Is your music damaging your hearing?
Music is one of life’s pleasures. Whether singing along to the radio, listening at a concert or making our own, music has the power to affect mood and emotions in people young and old.
To ensure we’re able to continue enjoying our favourite tunes into the future, it’s important we take care of our ears while we’re listening now.
Often we don’t realise we’re using music to cover up other sounds around us, and we’ll nudge up the volume in line with noises like the car engine, the neighbour mowing the lawn or the sound of the washing machine whirring. But competing with those noises can mean you end up listening at a dangerous volume, one that can seriously damage your hearing, causing:
Long term hearing loss – this is often a gradual process which may not even be noticed until the damage is quite extensive.
Tinnitus – a ringing or buzzing in the ear. For some, the tinnitus may go away, for others it may come and go and for some it’s a permanent frustration that affects concentration, stress levels and sleep.
Temporary hearing loss – a hearing loss that lasts for a few hours or days but then goes away. Studies have shown there will still be some residual permanent damage for those experiencing seemingly temporary hearing loss.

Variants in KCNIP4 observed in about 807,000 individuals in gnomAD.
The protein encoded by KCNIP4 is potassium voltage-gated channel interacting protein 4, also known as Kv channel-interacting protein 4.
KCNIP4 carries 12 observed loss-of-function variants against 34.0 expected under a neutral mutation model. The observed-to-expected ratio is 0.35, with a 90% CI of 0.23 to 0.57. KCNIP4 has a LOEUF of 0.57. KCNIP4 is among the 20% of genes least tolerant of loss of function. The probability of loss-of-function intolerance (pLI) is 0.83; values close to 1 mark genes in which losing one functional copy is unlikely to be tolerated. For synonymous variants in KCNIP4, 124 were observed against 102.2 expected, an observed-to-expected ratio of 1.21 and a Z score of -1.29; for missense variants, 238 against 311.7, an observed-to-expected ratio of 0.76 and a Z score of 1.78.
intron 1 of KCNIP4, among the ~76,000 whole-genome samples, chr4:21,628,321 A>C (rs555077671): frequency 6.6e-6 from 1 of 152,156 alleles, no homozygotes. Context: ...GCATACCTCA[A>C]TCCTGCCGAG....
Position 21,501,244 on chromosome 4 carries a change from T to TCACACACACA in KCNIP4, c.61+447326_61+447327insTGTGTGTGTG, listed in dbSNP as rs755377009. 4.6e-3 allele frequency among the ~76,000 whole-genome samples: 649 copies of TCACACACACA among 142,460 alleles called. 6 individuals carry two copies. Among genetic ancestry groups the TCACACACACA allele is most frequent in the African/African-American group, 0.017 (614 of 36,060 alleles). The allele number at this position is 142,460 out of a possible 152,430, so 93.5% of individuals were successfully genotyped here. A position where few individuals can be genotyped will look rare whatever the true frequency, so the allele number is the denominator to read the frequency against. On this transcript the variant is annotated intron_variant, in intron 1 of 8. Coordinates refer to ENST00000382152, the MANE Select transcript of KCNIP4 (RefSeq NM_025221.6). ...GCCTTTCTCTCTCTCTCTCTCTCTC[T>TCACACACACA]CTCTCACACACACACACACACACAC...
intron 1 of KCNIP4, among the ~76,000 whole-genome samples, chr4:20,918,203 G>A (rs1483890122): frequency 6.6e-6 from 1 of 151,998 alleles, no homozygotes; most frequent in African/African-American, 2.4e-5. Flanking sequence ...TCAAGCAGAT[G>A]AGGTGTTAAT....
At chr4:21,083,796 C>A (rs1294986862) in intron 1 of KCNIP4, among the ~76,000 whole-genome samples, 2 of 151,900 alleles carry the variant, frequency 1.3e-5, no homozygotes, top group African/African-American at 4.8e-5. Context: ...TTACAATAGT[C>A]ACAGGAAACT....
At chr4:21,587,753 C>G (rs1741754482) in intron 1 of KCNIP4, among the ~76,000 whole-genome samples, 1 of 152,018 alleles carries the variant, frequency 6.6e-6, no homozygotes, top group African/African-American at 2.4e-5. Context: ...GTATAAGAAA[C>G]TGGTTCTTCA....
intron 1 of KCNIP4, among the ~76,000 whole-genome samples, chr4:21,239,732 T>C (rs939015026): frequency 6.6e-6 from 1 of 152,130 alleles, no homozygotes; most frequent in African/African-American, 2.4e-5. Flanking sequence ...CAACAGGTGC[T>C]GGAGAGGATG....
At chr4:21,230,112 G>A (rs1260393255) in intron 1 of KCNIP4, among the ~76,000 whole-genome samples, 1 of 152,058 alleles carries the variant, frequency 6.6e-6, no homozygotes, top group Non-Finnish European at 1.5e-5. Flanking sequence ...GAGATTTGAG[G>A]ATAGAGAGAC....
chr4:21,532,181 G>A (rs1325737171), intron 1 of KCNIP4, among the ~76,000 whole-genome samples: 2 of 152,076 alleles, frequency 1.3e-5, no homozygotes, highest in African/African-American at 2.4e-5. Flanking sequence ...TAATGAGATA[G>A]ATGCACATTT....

So, how can you enjoy your music without damaging your hearing?
Be aware of the noises around you. Before you turn on the music, listen to the sounds in the background and make sure you don’t try to compete with them. A good rule of thumb is to set the volume lower than 60 per cent and take a break after 60 minutes.
For musicians, remember you rely on good hearing to make your music, and your ears are particularly vulnerable to noise exposure, so you’ll need to ensure you do everything you can to protect them. It’s a good idea to invest in some earplugs specially designed for musicians so you can hear clearly without doing damage to your hearing.